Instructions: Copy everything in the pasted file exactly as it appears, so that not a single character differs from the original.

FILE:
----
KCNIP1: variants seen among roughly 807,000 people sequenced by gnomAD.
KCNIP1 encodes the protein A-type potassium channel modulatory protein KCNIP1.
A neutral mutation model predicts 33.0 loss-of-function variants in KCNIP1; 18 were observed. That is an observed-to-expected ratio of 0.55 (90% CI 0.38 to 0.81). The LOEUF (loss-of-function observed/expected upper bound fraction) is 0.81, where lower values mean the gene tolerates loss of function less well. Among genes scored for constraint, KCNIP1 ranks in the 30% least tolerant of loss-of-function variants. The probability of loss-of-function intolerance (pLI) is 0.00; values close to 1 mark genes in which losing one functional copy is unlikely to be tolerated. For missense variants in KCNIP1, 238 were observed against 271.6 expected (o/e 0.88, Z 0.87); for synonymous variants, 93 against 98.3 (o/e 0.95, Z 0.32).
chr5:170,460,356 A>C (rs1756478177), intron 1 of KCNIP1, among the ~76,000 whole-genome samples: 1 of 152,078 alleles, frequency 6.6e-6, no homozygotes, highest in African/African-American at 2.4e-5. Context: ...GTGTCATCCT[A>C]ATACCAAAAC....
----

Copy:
KCNIP1: variants seen among roughly 807,000 people sequenced by gnomAD.
KCNIP1 encodes the protein A-type potassium channel modulatory protein KCNIP1.
A neutral mutation model predicts 33.0 loss-of-function variants in KCNIP1; 18 were observed. That is an observed-to-expected ratio of 0.55 (90% CI 0.38 to 0.81). The LOEUF (loss-of-function observed/expected upper bound fraction) is 0.81, where lower values mean the gene tolerates loss of function less well. Among genes scored for constraint, KCNIP1 ranks in the 30% least tolerant of loss-of-function variants. The probability of loss-of-function intolerance (pLI) is 0.00; values close to 1 mark genes in which losing one functional copy is unlikely to be tolerated. For missense variants in KCNIP1, 238 were observed against 271.6 expected (o/e 0.88, Z 0.87); for synonymous variants, 93 against 98.3 (o/e 0.95, Z 0.32).
chr5:170,460,356 A>C (rs1756478177), intron 1 of KCNIP1, among the ~76,000 whole-genome samples: 1 of 152,078 alleles, frequency 6.6e-6, no homozygotes, highest in African/African-American at 2.4e-5. Context: ...GTGTCATCCT[A>C]ATACCAAAAC....